Sunday, July 31, 2011

On a Lack of Orthodoxy, and Reflecting on Michael Pollan's Food Rules

Here is where I tell the dogmatic: this is not a post for you.

We returned today from a quasi-staycation - we were spending the week at a nearby lake taking advantage of some kayaking and other summertime activities. And guess what? There were s'mores. Oh, yes.

Now, in no way would I attempt to classify any type of s'more (grain-free or not) as "paleo" or "primal". Nope, they are decidedly a rare neolithic treat. Michael Pollan once said in his Food Rules, "#39 Eat all the junk food you want as long as you cook it yourself." I can't ever know whether he had s'mores in mind, but the idea here applies nonetheless. Since all of the commercial marshmallows that I found in stores contained various preservatives in addition to corn starch and corn syrups, I looked for a non-corn marshmallow, only to return the same search results over and over. You guessed it: Google was recommending via its various search results that I make my own. Me? Make my own marshmallows? I went back to a marshmallow recipe linked by Eat the Cookie, who also has a grain-free graham cracker recipe on the same page.

My mom was my partner in crime: she covered most of the marshmallow-making process. I made the graham crackers. And guess what? Total time invested in both was at least three hours. Yes: three hours. In other words, Michael Pollan knew that there was something to his statement. If someone wants a Cheeto, and they have to hand-craft the Cheeto, it's going to take them way more time and energy than popping a few quarters into a vending machine does. Because of the huge time investment, guess how often s'mores are likely to be a part of our lives? Yup; about once or twice a year, tops.

The marshmallows toasted beautifully once held close to the flame - and my entire family pronounced them far superior to commercial marshmallows in all aspects. (I didn't have any of anything, since I'm still in July Whole 30 mode, so I relied on the reviews of the s'more eaters present.) My brother said that conventional s'mores were a taste and texture bust by comparison.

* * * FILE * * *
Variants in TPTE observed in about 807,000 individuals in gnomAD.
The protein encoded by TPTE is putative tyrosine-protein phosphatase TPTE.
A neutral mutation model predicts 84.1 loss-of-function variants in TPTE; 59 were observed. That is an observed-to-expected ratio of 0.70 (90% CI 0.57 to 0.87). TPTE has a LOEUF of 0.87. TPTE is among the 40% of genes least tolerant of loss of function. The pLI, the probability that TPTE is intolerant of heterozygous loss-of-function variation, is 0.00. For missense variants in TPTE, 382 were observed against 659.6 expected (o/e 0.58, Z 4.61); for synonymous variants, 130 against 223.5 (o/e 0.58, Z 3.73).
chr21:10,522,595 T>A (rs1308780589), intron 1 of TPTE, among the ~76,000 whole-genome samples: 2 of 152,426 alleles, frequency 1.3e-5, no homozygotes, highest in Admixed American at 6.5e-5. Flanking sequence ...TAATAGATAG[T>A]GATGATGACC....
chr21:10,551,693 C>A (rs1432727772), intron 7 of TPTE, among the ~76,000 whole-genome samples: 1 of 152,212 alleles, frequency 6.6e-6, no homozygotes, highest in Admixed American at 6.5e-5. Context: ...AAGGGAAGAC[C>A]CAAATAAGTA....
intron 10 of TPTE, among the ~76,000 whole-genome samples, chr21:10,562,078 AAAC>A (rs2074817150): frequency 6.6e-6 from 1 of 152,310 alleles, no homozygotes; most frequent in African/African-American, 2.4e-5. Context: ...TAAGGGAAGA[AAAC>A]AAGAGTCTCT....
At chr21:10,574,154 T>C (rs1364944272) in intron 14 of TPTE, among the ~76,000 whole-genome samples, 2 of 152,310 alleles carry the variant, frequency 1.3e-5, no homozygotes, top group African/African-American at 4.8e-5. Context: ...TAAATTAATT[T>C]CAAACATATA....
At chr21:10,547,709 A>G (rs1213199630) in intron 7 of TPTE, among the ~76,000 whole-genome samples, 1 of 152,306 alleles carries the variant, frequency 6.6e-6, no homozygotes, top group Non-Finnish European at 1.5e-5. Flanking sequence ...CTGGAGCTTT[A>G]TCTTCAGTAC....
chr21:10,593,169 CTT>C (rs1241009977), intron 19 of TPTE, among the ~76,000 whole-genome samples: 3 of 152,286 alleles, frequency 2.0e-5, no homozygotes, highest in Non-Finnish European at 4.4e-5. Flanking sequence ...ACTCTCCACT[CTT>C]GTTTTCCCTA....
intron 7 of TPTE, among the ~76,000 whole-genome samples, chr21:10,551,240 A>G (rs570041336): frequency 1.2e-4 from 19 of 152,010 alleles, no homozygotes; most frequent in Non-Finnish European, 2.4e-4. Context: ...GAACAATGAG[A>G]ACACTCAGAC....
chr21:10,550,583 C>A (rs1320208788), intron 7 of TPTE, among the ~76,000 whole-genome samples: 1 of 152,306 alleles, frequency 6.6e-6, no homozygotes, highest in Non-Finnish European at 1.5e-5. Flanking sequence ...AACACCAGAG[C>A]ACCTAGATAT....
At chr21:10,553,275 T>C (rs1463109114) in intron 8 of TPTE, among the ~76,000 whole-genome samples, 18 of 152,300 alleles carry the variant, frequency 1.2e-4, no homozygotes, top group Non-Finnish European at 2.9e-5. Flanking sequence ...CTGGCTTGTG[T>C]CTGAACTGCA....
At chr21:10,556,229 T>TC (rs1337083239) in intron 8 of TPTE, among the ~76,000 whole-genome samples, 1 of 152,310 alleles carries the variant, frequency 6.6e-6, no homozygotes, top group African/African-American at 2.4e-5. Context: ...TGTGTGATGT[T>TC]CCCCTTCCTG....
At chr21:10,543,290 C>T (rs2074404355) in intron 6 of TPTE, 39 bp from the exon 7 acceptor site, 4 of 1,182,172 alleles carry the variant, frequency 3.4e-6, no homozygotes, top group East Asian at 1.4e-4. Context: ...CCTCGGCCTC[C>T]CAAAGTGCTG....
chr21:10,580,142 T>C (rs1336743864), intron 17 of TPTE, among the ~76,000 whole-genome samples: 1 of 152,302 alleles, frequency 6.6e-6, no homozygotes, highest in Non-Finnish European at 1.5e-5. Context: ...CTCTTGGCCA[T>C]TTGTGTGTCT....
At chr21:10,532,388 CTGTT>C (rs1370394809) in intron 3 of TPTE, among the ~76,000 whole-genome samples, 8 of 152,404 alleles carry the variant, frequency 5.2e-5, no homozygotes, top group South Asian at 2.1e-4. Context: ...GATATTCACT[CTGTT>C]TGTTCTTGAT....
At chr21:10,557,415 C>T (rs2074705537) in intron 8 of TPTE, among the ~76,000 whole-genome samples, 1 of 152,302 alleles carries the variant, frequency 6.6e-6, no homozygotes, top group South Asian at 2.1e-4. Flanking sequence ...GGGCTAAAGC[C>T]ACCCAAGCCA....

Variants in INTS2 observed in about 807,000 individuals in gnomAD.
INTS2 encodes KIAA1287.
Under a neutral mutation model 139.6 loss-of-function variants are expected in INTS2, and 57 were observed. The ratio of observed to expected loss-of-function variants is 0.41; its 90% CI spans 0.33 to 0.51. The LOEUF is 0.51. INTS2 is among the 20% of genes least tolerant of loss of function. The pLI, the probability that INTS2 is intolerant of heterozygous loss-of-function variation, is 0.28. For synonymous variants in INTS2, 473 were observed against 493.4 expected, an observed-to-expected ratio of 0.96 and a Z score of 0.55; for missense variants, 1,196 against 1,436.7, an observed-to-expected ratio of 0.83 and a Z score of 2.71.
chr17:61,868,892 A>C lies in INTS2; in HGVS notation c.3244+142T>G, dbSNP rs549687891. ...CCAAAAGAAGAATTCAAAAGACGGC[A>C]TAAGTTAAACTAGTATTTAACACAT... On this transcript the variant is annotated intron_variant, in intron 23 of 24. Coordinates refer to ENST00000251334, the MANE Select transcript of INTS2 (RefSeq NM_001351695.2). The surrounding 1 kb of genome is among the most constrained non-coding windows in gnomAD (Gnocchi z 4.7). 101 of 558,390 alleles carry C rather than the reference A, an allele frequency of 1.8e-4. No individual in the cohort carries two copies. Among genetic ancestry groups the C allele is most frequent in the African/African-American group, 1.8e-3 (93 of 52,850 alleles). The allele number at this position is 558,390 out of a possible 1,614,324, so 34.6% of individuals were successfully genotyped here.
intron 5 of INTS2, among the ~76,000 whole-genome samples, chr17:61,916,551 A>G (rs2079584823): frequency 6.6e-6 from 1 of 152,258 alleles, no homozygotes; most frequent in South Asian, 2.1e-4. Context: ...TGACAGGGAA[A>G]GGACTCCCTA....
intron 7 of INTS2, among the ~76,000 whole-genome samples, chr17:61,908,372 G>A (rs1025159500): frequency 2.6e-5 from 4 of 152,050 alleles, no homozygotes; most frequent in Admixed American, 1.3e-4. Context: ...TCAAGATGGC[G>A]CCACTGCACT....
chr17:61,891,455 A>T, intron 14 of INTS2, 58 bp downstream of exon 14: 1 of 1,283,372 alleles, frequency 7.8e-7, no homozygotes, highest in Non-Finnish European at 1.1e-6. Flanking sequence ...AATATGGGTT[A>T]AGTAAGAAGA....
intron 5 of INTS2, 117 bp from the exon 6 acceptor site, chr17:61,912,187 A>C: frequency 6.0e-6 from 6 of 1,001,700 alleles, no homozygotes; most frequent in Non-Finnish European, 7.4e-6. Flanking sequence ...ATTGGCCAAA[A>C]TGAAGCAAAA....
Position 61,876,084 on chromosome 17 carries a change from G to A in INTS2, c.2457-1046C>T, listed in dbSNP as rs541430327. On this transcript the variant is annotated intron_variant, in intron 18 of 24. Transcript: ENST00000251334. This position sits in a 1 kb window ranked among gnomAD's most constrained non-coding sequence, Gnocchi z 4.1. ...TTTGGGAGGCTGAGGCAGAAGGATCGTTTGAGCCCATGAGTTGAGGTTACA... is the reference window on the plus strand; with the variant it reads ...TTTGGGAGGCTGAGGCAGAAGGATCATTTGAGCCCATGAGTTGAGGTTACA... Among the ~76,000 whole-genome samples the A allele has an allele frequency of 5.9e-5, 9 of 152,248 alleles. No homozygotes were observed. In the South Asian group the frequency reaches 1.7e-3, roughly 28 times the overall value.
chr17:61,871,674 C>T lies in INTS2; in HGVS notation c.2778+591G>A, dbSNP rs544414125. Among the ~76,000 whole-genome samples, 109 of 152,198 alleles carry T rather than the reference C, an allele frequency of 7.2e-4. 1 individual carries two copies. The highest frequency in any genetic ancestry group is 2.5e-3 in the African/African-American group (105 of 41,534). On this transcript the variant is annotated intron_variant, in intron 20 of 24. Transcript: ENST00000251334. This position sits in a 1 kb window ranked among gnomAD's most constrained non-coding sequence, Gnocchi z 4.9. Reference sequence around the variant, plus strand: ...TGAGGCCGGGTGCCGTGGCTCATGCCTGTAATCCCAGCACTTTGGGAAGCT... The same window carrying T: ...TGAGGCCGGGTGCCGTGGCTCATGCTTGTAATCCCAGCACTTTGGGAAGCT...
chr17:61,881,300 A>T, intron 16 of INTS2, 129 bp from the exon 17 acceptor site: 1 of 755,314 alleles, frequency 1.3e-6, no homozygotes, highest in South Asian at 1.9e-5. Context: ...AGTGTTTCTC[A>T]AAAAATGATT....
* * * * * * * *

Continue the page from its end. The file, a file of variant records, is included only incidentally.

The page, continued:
And thus, my 4-year-old had her first handcrafted s'more.


  1. Oh, that sounds delicious. I had no idea marshmallows could be made at home! Perhaps I'll try that next summer. My husband always feels badly that he doesn't get to pass that on to our son when we go camping with his family.

  2. You know, our adult children will be here for a week this month and I do believe I shall make some for them - I've told them they are going to eat what we eat, and it might be nice for them to see that, yes, you can have a somewhat healthier version of something like s'mores.

    Then again, my edict didn't seem to phase them much - my daughter is already trying to find a way to make paleo Jello shots.

  3. Just curious, is this the recipe you used?

    They aren't paleo because of the sugar, but at least they leave the corn syrup out.

  4. At the link you have, Eat the Cookie attributed this below link, which was her starting point.

    I made the Visions of Sugar Plums version.

    Yes, marshmallows are in no way paleo, but my goal was to minimize the gak factor, and I think the VOSP version did that nicely.


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